Peter awoke next morning with a vivid sense of the pain and terror of life. He had been clamoring to have those Reds punished; but somehow or other he had thought of this punishment in an abstract way, a thing you could attend to by a wave of the hand. He hadn’t quite realized the physical side of it, what a messy and bloody job it would prove. Two hours and more he had listened to the thud of a whip on human flesh, and each separate stroke had been a blow upon his own nerves. Peter had an overdose of vengeance; and now, the morning after, his conscience was gnawing at him. He had known every one of those boys, and their faces rose up to haunt him. What had any of them done to deserve such treatment? Could he say that he had ever known a single one of them to do anything as violent as the thing they had all suffered?
But more than anything else Peter was troubled by fear. Peter, the ant, perceived the conflict of the giants becoming more ferocious, and realized the precariousness of his position under the giants’ feet. The passions of both sides were mounting, and the fiercer their hate became, the greater the chance of Peter’s being discovered, the more dreadful his fate if he were discovered. It was all very well for McGivney to assure him that only four of Guffey’s men knew the truth, and that all these might be trusted to the death. Peter remembered a remark he had heard Shawn Grady make, and which had caused him to lose his appetite for more than one meal. “They’ve got spies among us,” the young Irishman had said. “Well, sooner or later we’ll do a bit of spying of our own!”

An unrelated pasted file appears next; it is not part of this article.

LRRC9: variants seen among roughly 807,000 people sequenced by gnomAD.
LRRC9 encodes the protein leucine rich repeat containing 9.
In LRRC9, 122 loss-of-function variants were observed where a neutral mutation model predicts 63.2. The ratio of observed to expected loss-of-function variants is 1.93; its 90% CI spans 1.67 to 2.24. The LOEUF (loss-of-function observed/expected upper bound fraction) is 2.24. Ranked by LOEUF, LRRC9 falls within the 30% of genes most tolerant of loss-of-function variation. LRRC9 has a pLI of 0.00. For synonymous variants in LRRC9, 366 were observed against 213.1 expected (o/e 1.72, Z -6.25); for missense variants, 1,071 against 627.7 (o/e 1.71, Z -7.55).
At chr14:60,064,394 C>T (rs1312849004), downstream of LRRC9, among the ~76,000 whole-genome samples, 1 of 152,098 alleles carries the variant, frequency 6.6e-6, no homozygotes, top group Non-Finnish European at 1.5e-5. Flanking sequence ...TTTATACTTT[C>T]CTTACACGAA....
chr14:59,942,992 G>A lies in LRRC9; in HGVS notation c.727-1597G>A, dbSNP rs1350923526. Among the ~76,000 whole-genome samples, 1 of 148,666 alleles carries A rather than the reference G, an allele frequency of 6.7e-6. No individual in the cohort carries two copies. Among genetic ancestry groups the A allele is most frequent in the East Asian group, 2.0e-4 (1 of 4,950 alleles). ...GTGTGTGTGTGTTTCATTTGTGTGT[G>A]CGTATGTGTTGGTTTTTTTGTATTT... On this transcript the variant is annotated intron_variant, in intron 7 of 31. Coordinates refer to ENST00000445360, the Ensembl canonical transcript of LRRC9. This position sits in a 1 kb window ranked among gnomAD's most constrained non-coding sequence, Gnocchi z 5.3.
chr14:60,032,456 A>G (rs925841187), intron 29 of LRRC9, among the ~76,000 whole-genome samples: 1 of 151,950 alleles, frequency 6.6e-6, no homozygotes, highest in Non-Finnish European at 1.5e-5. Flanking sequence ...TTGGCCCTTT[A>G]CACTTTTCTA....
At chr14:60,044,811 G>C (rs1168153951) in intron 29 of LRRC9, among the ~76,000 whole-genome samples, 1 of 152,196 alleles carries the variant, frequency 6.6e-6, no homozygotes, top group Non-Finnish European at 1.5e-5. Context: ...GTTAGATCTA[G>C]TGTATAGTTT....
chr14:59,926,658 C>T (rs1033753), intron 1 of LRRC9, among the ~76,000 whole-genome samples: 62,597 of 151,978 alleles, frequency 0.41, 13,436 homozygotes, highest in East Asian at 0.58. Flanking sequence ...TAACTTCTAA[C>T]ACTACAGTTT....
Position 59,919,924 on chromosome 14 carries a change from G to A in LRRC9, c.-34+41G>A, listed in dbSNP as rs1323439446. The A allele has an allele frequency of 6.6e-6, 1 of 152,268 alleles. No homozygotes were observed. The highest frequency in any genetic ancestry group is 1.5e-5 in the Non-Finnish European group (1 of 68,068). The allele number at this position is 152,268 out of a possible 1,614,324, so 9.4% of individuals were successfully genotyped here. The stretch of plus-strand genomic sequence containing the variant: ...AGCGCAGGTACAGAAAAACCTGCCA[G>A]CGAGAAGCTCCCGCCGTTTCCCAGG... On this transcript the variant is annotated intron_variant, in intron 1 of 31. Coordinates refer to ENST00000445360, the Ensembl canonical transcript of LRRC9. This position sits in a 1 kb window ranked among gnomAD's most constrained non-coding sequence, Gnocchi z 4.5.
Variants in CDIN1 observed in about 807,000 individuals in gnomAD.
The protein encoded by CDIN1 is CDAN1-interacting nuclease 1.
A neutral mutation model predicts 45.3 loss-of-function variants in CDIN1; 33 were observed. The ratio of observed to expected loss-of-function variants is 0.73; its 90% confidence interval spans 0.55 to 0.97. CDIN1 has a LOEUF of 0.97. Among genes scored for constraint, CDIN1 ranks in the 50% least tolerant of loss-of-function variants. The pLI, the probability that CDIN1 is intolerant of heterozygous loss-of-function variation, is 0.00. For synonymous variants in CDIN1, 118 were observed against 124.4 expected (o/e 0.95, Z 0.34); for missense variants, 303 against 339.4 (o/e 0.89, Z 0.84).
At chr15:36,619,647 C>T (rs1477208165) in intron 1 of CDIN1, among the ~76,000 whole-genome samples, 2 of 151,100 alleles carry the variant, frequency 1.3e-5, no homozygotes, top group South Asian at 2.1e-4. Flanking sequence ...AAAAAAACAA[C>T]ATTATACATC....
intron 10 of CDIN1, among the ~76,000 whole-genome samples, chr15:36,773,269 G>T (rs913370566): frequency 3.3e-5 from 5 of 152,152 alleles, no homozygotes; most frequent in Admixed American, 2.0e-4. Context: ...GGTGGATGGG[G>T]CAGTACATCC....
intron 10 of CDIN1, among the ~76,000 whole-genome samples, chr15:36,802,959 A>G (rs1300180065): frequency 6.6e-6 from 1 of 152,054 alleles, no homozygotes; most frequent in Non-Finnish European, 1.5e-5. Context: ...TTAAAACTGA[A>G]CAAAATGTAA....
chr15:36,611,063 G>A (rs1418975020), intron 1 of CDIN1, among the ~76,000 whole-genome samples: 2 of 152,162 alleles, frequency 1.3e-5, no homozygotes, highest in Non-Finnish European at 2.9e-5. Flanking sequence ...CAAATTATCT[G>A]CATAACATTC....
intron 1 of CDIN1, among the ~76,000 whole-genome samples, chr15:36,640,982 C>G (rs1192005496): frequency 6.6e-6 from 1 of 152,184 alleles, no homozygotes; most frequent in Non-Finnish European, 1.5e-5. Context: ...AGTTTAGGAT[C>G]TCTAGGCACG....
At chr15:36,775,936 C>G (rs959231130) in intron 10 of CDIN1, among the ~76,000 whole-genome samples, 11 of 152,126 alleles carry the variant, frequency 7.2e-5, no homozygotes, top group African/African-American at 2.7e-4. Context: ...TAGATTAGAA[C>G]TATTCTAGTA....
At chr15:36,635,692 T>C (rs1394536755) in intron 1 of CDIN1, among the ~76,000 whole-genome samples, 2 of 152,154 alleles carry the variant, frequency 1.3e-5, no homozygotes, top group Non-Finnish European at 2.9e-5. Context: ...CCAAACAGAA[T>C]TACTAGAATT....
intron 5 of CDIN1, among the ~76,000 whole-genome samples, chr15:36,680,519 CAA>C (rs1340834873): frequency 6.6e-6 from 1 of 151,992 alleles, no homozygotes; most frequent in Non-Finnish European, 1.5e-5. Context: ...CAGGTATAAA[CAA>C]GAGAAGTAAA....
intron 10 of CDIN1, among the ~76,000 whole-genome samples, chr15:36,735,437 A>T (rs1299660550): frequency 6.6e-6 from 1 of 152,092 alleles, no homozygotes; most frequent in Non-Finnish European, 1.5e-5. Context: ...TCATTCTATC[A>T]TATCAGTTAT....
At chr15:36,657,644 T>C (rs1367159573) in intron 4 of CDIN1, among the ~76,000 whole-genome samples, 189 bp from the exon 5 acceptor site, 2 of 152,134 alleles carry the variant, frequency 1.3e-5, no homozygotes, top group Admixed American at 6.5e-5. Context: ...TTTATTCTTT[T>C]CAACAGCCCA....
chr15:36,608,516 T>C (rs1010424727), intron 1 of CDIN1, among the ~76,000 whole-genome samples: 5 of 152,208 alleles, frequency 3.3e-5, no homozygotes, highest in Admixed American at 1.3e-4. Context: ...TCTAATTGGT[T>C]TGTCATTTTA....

And now these words came back to Peter like a voice from the grave. Suppose one of the Reds who had money were to hire somebody to get a job in Guffey’s office! Suppose some Red girl were to try Peter’s device, and seduce one of Guffey’s men—by no means a difficult task! The man mightn’t even mean to reveal that Peter Gudge was a secret agent; he might just let it slip, as little Jennie had let slip the truth about Jack Ibbetts! Thus Mac would know who had framed him up; and what would Mac do to Peter when he got out on bail? When Peter thought of things like that he realized what it meant to go to war; he saw that he had gained nothing by staying at home, he might as well have been in the front-line trenches! After all, this was war, class-war; and in all war the penalty for spying is death,
Also Peter was worried about Nell. She had been in her new position for nearly a week, and he hadn’t heard a word from her. She had forbidden him to write, for fear he might write something injudicious. Let him just wait, Edythe Eustace would know how to take care of herself. And that was all right, Peter had no doubt about the ability of Edythe Eustace to take care of herself. What troubled him was the knowledge that she was working on another “frame-up,” and he stood in fear of the exuberance of her imagination. The last time that imagination had been pregnant, it had presented him with a suit-case full of dynamite. What it might bring forth next time he did not know, and was afraid to think. Nell might cause him to be found out by Guffey; and that would be nearly as horrible as to be found out by Mac!